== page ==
Battery Isolators

Battery isolators - charging several batteries at the same time.

With multiple battery groups in the on-board electronics, it is important to isolate them from each other so that they do not affect each other. This includes, for example, keeping the consumer and starter batteries separate so that the starter battery is not accidentally discharged by the electrical equipment. Otherwise, the voltage could drop to the point where the engine won't start. The systems should also remain separate during the charging process. Nevertheless,

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to be able to charge several batteries at the same time with only one power source such as the alternator, you need a charging current distributor. Here in FraRon's online store, you can find the component for up to three battery banks.

3 ways to separate batteries from each other

To prevent several batteries in the on-board network - for example of boats - from discharging each other, three different components can be used: simple isolating diodes, isolating relays or charging current distributors. Isolating diodes are semiconductor components that regulate the current so that it can only flow in one direction. This means: charging is possible, discharging is not. The disadvantage of diodes is that 0.7 volts of voltage are lost when they are used, due to their design. This reduces the charging voltage arriving at the battery by this value. A full charge, which is necessary for the service life of the batteries, can therefore not take place. Such isolating diodes with 0.7 V voltage drop were installed in the past and are usually no longer used today.

Cut-off relays are electromagnetic switches that work like diodes but mechanically separate multiple batteries. Their advantage is that there is no voltage loss. However, they require a pulse, which usually comes from the D+ alternator terminal. Disconnect relays controlled by D+ are usually factory installed by motorhome manufacturers. In FraRon's range, we offer modern voltage-controlled relays that no longer require D+. The charging current distributor can be seen as a further development of the isolating diode. The built-in electronics bypass the diode during charging so that the voltage does not drop. As a result, both the required charging voltage and the maximum current reach the batteries.

What is the difference between a charging current distributor and a battery cut-off relay?

A battery disconnect relay connects all batteries in parallel that are to be charged. When the alternator is working while driving, the relay connects the batteries. If the starter battery is already full, the supply battery continues to be charged up to the charging end voltage of the alternator. When stationary, the batteries are disconnected again so that they do not discharge each other. Simple battery disconnect relays are coupled to the D+ signal of the alternator, which signals the control voltage to them. More modern models operate with electronic voltage monitoring. The most important difference with the charging current distributor is that it distributes the current optimally to the batteries without coupling them to each other for this purpose. As a result, it charges all battery banks simultaneously.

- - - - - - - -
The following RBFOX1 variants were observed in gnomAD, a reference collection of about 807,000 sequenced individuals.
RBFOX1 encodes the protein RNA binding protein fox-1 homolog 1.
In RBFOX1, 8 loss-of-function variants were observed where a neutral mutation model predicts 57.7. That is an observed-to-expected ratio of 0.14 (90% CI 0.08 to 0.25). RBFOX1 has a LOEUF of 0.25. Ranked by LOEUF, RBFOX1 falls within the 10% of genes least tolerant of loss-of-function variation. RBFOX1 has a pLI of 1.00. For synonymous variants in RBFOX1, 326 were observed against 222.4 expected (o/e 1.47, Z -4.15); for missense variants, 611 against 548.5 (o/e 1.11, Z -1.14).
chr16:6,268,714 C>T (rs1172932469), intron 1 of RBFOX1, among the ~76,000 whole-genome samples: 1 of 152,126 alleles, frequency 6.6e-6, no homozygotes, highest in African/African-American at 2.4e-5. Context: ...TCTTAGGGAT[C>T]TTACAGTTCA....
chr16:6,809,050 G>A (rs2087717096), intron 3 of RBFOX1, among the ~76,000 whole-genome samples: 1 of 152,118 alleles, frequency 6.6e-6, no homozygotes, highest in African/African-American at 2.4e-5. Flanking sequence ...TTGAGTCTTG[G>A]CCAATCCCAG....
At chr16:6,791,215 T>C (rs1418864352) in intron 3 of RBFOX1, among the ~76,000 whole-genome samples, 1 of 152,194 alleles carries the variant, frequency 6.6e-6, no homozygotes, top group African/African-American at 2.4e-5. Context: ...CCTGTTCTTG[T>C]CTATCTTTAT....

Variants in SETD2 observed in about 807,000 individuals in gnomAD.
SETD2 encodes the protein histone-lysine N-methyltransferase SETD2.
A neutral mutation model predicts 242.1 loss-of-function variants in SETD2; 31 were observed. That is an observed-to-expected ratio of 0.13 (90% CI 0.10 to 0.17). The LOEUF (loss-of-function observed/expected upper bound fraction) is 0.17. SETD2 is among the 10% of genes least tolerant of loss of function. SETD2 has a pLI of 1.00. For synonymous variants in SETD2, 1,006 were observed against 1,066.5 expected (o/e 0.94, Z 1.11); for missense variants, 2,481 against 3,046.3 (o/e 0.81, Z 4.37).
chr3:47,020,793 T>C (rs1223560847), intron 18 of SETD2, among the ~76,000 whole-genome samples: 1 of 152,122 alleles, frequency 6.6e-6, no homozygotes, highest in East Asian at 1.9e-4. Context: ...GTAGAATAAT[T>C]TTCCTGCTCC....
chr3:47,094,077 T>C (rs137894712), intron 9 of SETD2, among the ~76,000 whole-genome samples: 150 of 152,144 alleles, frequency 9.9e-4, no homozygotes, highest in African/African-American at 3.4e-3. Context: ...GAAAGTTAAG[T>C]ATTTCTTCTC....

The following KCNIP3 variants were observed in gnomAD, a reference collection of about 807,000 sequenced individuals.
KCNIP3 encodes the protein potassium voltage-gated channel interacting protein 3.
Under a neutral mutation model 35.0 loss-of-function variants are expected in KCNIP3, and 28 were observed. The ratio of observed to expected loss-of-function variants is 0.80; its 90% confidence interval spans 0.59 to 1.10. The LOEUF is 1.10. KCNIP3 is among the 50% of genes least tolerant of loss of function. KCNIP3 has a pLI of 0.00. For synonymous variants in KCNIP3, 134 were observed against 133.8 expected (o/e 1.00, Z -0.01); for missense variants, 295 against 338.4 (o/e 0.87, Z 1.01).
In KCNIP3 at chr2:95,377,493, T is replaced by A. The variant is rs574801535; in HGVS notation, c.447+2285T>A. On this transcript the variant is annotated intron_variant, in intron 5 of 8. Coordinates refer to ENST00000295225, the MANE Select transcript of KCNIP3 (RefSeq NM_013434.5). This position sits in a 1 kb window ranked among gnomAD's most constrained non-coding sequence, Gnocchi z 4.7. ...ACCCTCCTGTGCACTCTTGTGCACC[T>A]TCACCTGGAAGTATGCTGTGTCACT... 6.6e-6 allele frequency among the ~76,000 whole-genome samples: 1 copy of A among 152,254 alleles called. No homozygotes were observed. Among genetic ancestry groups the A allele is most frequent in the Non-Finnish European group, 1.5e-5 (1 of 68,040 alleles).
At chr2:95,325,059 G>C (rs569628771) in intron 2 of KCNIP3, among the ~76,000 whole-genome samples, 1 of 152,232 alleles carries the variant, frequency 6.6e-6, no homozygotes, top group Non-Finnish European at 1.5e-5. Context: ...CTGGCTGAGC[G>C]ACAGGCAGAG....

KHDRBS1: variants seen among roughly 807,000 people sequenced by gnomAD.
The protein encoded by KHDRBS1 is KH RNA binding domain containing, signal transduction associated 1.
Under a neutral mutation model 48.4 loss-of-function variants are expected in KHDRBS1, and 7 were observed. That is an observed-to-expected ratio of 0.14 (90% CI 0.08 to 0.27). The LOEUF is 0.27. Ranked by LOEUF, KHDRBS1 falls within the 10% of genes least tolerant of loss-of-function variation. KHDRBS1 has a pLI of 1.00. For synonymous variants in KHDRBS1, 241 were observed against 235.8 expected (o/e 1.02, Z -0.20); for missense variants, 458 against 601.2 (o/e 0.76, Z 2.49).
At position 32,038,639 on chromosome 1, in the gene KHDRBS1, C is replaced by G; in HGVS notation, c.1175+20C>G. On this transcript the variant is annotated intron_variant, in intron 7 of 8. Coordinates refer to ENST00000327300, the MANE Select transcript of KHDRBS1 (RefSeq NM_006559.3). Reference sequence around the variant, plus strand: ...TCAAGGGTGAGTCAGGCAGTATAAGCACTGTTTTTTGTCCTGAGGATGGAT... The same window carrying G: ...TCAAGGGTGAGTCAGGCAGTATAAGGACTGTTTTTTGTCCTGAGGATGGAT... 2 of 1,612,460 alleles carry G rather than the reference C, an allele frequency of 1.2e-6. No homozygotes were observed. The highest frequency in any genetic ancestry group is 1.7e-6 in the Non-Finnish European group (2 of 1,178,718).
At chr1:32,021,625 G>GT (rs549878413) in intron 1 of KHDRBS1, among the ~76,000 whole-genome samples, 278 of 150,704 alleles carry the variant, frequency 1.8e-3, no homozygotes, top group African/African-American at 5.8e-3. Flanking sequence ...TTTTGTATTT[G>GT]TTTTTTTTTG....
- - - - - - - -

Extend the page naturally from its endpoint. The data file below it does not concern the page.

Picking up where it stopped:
If the coupling of the battery banks is realized by relays, a consumer that is more powerful than the charging source can discharge all coupled batteries. This is prevented with the charging current distributor.

Different models of charging current distributors

The Victron Energy charging current distributors in our range are available in different variants. They are available for up to 100 or 200 amps and for two or three battery banks. The manufacturer distinguishes between two types of its charging current distributors: Argo diode battery isolation and Argo FET battery isolation. Argo diode technology is characterized by low voltage drop, which can be attributed to the use of high-efficiency Schottky diodes. In contrast, there is virtually no voltage drop with FET isolation: less than 0.02 volts at low current and an average of 0.1 volts at high current. That's why you'll only get the more advanced Argo FET models from FraRon.

Do I need a charging current distributor for my motorhome?

Charging current distributors are not usually used in motorhomes. This is because there is typically only one starter battery and one body battery bank in the motorhome. An isolating relay or a charge booster are more suitable as a disconnecting and connecting link. The charging current distributor technique is useful for boats with multiple battery banks. This gives you the advantage that your starter battery and supply batteries are separated from each other and cannot discharge each other. In addition, all batteries can be charged at the same time without voltage loss. If you have any questions, please do not hesitate to contact us. Just give us a call! We can also advise you on the dimensioning of the battery cables so that you benefit from short cable runs and sufficient cross-sections. In addition, we offer you support with the installation of the charging current distributor with our installation service.